Readers add to whack pack for a world out of whack

COFFEE WITH WARREN, with Warren Harbeck
Cochrane Eagle, October 24, 2001

All week long suggestions have been pouring in from our coffee companions about what to include in a whack pack for a world out of whack.

Include "true smiles and real hugs for that honest connection we need with one another," Cochrane’s globetrotting volunteer Leslie Davies writes from Mexico. "Without that," she says, "we can never put the world back in whack!"

Canadian choral director Alan Gasser pleads for the inclusion of song as a bonding force:

What I'd include in my whack pack is song itself, rather than any particular version of one song. The difference lies in the bodily and community participation I wish could take over the world, starting yesterday.

Please don't turn on the radio or other electronic device for a song.

Please don't think that you can possibly find one on a piece of paper.

But use your big set of whack pack ears and listen to one, and then join in, inviting other people to do so.

My two-year-old and I give honour to our hero Pete Seeger, when we sing a song of his with well-known lyrics:

"Starlight, starbright, first star I see tonight, I wish I may, I wish I might, have the wish I wish tonight: That always may your love be shining bright, Just like that first star that I see tonight."

How I wish I could just sing it with all of you right now around the coffee.

—Alan Gasser, Toronto

Just minutes after reading Alan’s e-mail, I received a long distance call from him. He actually sang Starlight to me while I listened on your behalf. You can listen to him, too, though not to Starlight. He has several CDs out featuring the rich polyphony of the Georgian Republic, performed by his Toronto village choir, Darbazi (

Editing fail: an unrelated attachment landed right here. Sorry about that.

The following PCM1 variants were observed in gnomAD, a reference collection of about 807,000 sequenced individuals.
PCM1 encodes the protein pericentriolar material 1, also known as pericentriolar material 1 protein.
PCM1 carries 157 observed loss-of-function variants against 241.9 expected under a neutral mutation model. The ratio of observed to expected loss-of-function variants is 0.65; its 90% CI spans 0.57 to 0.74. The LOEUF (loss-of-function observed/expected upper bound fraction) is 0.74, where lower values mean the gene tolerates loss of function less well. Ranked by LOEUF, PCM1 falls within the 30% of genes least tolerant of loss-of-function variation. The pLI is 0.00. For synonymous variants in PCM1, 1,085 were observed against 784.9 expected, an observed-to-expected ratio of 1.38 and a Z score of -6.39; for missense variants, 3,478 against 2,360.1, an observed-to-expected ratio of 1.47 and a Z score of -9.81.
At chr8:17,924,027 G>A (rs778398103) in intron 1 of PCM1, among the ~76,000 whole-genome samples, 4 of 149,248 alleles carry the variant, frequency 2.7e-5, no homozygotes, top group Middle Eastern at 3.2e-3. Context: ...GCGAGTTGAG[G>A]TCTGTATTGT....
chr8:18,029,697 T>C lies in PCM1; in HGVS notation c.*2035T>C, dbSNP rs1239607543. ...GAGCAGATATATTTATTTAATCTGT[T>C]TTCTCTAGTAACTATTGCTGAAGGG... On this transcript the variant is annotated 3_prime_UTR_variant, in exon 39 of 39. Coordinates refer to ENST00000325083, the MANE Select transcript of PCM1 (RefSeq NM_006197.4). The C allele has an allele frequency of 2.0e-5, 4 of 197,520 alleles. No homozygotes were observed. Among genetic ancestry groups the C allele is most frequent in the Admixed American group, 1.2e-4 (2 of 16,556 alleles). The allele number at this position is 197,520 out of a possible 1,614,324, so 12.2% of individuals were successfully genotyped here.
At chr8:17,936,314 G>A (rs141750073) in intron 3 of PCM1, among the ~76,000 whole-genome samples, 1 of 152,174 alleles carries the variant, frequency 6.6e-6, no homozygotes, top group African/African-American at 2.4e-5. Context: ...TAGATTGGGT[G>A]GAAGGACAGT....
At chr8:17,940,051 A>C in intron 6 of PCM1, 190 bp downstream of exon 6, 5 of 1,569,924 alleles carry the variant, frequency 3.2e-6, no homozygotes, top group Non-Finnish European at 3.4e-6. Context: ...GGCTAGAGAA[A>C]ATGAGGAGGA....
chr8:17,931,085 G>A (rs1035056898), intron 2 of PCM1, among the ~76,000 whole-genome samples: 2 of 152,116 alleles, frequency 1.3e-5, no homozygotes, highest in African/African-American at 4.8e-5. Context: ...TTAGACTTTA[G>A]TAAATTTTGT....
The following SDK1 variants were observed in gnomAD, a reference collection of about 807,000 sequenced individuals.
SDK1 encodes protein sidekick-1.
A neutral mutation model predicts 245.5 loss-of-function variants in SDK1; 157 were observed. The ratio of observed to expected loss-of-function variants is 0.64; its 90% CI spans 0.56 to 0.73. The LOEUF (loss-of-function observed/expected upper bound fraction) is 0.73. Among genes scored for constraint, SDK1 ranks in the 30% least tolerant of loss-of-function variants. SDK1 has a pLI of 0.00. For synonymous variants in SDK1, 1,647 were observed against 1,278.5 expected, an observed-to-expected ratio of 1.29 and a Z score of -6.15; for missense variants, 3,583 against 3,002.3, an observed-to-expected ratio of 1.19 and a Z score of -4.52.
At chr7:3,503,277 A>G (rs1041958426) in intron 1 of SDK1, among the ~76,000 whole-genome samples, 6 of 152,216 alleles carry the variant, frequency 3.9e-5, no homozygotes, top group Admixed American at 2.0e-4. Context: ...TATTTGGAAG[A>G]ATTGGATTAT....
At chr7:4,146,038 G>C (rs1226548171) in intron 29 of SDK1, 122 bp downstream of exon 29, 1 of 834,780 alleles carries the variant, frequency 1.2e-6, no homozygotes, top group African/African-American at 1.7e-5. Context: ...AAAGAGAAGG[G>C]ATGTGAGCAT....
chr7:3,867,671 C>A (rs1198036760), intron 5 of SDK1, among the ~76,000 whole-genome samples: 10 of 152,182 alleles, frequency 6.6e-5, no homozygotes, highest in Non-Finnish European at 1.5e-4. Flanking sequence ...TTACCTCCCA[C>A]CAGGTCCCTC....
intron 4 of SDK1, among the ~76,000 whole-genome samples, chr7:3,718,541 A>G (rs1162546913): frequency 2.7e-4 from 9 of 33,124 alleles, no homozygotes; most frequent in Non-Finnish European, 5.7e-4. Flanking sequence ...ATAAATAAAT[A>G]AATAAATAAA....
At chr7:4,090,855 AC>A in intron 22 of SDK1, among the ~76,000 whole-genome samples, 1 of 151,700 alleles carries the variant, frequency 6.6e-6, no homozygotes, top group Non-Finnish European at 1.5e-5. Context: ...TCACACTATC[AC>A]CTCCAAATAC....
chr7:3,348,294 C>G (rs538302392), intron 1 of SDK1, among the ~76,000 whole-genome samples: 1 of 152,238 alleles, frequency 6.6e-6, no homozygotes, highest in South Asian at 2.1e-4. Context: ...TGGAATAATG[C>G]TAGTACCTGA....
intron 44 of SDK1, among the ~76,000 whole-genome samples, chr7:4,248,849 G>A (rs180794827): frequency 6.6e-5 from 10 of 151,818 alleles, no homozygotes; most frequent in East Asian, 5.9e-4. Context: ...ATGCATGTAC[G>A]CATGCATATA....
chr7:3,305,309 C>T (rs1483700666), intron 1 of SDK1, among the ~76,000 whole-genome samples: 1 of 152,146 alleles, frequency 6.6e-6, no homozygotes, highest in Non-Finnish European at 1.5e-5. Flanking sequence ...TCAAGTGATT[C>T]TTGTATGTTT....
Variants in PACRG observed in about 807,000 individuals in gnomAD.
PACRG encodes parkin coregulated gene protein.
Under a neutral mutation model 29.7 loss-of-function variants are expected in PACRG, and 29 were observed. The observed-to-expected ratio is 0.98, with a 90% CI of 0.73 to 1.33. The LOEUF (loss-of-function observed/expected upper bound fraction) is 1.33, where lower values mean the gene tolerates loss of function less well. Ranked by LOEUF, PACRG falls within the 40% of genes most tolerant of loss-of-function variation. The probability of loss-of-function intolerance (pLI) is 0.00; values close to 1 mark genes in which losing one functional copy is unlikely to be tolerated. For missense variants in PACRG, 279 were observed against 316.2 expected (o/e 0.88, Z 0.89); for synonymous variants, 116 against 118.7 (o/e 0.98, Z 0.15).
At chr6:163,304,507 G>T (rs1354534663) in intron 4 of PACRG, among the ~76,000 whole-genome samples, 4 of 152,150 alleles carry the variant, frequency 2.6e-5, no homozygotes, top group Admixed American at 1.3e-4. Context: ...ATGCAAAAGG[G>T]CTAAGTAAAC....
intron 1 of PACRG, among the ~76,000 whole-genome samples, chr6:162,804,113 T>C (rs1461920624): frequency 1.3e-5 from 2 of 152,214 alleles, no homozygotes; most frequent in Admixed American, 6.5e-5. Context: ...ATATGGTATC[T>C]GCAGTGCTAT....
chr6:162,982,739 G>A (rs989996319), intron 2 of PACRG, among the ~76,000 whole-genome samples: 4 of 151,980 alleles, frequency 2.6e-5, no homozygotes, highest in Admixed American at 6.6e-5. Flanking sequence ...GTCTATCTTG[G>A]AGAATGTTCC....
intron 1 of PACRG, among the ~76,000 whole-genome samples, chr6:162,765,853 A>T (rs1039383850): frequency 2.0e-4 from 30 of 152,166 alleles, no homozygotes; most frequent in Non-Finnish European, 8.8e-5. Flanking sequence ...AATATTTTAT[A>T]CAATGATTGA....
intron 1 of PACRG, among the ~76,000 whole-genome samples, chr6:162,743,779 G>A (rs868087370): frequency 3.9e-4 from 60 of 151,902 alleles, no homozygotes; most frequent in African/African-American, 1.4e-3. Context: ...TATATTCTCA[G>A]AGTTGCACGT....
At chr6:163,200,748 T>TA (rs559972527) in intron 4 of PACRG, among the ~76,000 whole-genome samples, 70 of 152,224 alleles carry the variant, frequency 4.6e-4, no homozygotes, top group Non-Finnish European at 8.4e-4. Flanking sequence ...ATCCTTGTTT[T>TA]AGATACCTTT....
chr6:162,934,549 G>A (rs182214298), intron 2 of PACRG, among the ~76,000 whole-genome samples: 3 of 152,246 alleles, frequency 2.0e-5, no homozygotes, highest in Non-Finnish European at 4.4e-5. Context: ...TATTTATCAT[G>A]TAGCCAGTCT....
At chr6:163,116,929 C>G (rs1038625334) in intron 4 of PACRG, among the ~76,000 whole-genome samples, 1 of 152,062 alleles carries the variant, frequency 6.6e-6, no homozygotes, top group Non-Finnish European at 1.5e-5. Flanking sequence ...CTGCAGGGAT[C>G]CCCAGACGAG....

Then there’s this perspective from psychologist Laurie Seaman, who wants the whack pack to include a "profound acceptance of the reality of what is." He explains:

Throughout the history of our natural world, creatures have been terrorized by life-threatening, and often life-destroying, assaults – fires, hurricanes, tornados, blizzards, earthquakes, floods, droughts, plagues. Added to these are the so-called unnatural disasters of creature conflicts arising out of fear, threat, and actual aggressive attack. These have always been, and will continue to be, part of the creaturely experience of life on this planet.

Profound acceptance of what is yields solidarity with reality, preventing us from chasing the illusion that we or someone else (through taking control, fighting back, or doing it "right") can rid ourselves of future life- destroying events.

Terror is a monster, but as someone has wisely stated, "We kiss the monster on the nose, or it bites us in the ass."

—Laurie Seaman, Calgary

Finally, this parting note from Linda Popov. As you may recall, I included her internationally-acclaimed Virtues Project last week as one of the essentials in the whack pack. Linda writes:

I just love your article! I am honoured that you value The Virtues Project as you do. We are now being asked by USAID agency to go on peace-building missions to a number of countries. I spoke in Denver last week on "From Violence to Virtues" at the Character Education Partnership conference. May your ... approach in this article add to the light we all need at this time. It is reassuring to know that there are many kindred spirits speaking out for a virtues-based solution to healing our world.

—Linda Popov, Salt Spring Island, B.C.

Linda, your gracious words for the healing of the world remind me of a hint about why we even bother to try. I’m thinking of the ending to Desiderata:

"With all its sham, drudgery and broken dreams," – its out-of-whack-ness, so to speak – "it is still a beautiful world."

Next week, more great stuff for the whack pack.

© 2001 Warren Harbeck

Return to Coffee With Warren home page